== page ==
It looks like the next big product at McDonald's will be the healthy, happy meal that will provide us with a Big Mac, a jumbo order of fries, a large Coke and perhaps a mini-pie as well as the new polypill created by the cardiac community that promises to reduce heart attacks and strokes by at least half.
The pill would significantly improve our health to a point where we could go back to eating as much as we liked of whatever we liked without worrying about shortening our lives. It wouldn't solve all our problems. We'd still worry about obesity and diabetes, but there's new evidence that bariatric surgery, which remains a bit more expensive than the one-dollar polypill, can reverse both of these troubling conditions.
I'm not curmudgeon enough to rain on the parade of those celebrating this new pill, but it does remind me again of the tension between those who nag us to take better care of ourselves -- and are often ignored -- and those who have faith that science will solve our problems. This is America, so it isn't surprising that the latter group is winning.
And it is probably too early to start contemplating what disease will subsequently explode to take up the slack if we move toward broad use of the polypill, but I'd be willing to place a modest bet on dementia, which seems to be getting a fair amount of attention. Hovering in the background is the question of whether it is preferable to die slowly from Alzheimer's, quickly from a massive heart attack or confront a range of choices that come with having a stroke.
Even in our world, few talk seriously about defeating death, so it is prudent to acknowledge the question even if raising it is hardly a compelling argument against the polypill.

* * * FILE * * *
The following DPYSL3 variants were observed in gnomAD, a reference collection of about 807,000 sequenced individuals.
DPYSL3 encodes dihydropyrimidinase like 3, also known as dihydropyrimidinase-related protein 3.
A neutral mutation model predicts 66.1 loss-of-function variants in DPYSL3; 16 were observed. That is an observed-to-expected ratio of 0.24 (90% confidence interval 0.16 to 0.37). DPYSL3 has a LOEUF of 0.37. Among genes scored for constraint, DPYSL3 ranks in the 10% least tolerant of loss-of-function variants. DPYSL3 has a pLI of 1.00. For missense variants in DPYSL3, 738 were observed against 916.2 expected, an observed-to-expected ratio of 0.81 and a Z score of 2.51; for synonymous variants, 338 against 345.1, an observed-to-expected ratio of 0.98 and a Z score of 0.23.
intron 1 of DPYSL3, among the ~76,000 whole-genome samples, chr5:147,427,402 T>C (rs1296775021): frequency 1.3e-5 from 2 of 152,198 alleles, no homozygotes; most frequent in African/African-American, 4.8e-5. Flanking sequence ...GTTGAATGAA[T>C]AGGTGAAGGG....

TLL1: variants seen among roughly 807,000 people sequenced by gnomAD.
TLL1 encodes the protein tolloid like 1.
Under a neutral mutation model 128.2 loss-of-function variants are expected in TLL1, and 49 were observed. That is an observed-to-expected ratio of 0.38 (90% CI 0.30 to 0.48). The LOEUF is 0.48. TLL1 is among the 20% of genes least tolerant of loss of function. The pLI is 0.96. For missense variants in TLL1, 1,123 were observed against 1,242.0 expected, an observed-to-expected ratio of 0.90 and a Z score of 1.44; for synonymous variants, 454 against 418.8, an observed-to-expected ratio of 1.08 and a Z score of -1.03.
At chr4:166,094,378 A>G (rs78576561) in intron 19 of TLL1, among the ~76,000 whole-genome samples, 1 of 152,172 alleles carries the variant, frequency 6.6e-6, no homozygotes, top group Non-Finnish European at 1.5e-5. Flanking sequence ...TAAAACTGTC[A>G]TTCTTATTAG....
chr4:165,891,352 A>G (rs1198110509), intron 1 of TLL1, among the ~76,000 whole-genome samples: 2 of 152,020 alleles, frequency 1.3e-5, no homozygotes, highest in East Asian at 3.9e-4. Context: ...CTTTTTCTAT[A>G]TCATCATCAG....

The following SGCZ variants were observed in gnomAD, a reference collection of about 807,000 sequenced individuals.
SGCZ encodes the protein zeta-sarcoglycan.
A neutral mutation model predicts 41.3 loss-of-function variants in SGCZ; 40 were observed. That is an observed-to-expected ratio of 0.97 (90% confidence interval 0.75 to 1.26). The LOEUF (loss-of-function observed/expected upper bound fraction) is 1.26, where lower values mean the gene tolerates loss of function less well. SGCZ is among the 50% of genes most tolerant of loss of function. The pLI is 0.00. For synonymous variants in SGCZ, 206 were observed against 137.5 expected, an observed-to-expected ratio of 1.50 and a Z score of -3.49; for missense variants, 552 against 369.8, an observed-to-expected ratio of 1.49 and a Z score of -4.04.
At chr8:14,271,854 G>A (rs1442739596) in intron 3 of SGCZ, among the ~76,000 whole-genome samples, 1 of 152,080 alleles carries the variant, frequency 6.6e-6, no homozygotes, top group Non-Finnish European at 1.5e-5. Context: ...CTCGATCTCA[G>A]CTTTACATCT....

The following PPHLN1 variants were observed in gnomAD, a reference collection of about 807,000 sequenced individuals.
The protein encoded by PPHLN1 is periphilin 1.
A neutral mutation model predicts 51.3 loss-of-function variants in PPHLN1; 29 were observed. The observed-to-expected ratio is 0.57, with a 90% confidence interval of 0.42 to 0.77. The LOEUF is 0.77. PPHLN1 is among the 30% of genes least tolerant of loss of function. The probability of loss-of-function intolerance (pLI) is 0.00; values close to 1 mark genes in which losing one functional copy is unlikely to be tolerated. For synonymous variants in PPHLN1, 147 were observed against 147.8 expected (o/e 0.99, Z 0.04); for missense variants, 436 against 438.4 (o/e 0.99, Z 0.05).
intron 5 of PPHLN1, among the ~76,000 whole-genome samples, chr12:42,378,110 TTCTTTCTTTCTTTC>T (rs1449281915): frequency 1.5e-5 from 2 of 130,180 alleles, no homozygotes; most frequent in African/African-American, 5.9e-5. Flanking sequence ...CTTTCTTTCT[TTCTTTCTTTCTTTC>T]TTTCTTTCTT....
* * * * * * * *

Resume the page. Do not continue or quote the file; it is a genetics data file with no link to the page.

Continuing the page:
A more immediate question is how plausible the new projections are, even assuming that the research is strong and the side effects minor. Our losing war against obesity suggests that people don't quickly and naturally change their behavior simply because they're told it would be prudent to do so. So while it may be possible to reduce heart attack and stroke deaths, the numbers we're now hearing are probably exaggerated.
There's some evidence from those who deal with compliance issues that those who could be helped most -- if only because they are the most at risk at the start -- are the hardest to convince. Providing a pill won't help people who don't take it.
Perhaps our next study should enlist McDonald's to grind up the ingredients of the polypill and cook the result into the fast food items we order. That could make a big difference.
Also posted to CenteredPolitics.com
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